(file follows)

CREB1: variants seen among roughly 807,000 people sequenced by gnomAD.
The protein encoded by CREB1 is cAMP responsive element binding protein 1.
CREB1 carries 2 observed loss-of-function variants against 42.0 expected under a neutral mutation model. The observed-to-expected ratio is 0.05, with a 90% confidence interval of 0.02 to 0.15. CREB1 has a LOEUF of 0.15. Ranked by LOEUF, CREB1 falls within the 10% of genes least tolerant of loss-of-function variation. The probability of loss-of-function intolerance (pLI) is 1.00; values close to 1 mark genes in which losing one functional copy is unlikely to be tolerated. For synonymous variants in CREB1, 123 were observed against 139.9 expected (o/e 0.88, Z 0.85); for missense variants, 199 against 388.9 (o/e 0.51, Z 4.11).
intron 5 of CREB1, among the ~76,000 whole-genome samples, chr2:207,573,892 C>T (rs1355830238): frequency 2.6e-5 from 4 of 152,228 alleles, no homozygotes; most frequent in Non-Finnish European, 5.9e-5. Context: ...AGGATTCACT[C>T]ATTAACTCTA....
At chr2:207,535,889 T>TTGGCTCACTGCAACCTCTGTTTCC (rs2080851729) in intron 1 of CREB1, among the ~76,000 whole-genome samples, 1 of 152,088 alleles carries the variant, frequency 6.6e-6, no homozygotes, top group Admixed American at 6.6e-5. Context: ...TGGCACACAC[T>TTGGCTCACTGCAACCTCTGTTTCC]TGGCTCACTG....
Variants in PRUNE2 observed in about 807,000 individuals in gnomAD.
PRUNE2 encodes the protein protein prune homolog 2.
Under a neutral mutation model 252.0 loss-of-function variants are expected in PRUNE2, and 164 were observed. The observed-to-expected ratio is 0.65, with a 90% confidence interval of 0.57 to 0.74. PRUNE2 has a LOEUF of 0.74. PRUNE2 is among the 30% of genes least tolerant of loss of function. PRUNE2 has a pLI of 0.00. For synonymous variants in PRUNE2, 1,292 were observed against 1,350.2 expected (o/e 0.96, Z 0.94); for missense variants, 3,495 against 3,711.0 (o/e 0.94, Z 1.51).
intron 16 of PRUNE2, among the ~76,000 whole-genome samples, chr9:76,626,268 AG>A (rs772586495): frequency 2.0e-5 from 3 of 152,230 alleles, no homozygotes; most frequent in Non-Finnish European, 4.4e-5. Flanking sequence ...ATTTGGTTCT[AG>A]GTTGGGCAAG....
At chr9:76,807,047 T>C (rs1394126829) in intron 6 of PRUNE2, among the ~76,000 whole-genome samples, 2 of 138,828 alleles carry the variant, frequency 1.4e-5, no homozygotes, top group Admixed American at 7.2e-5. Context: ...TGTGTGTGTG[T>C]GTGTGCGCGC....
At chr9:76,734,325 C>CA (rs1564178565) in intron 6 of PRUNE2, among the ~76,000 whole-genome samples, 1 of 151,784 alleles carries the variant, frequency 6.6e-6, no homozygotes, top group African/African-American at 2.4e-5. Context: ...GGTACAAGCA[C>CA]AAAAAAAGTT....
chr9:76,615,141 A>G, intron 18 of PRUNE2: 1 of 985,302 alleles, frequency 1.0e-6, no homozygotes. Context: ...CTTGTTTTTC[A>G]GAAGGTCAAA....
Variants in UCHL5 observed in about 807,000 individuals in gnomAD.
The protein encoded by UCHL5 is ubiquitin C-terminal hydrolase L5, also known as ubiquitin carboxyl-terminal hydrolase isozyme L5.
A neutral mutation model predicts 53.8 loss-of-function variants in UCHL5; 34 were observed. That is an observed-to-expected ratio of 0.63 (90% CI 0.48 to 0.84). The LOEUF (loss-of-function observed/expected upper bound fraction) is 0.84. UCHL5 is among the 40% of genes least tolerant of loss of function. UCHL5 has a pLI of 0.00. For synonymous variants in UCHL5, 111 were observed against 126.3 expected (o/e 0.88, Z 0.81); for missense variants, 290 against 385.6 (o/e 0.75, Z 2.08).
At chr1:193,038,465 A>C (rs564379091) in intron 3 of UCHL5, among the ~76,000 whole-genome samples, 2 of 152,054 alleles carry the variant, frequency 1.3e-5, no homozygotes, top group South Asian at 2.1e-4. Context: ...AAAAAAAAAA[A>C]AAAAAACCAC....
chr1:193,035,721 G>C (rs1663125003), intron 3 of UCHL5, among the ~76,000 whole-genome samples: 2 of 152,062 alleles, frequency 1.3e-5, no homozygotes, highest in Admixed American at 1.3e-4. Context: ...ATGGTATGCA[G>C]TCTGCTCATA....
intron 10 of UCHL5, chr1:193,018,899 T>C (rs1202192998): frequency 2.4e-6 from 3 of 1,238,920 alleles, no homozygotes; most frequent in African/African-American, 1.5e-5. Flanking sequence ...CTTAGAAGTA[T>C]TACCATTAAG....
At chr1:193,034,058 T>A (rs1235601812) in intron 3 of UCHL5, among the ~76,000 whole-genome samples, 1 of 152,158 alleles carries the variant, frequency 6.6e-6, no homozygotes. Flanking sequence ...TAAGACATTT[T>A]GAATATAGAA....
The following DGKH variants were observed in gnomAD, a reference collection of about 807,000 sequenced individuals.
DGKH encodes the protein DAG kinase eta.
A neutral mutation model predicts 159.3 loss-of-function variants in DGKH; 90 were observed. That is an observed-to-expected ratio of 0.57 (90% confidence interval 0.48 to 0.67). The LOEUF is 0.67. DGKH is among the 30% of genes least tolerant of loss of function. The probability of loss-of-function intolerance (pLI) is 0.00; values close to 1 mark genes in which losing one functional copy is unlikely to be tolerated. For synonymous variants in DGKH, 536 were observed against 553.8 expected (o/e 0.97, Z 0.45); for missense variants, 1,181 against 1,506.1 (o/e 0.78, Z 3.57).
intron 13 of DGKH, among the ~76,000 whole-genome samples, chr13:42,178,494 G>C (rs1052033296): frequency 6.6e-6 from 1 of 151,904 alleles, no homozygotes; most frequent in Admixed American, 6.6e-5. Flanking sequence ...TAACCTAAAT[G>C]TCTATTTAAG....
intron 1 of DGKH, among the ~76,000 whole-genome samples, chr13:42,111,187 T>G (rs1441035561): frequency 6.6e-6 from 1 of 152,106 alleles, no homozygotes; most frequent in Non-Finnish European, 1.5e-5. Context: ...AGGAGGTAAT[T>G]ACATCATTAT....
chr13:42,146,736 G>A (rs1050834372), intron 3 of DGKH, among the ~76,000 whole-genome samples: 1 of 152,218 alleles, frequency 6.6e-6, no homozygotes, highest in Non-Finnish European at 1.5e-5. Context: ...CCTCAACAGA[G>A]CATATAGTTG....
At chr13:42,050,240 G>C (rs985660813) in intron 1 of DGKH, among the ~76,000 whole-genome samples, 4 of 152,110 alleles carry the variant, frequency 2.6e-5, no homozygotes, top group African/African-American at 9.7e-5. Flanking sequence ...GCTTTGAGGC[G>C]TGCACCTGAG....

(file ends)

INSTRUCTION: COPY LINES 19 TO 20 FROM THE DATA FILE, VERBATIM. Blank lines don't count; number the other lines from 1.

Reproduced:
At chr1:193,034,058 T>A (rs1235601812) in intron 3 of UCHL5, among the ~76,000 whole-genome samples, 1 of 152,158 alleles carries the variant, frequency 6.6e-6, no homozygotes. Flanking sequence ...TAAGACATTT[T>A]GAATATAGAA....
The following DGKH variants were observed in gnomAD, a reference collection of about 807,000 sequenced individuals.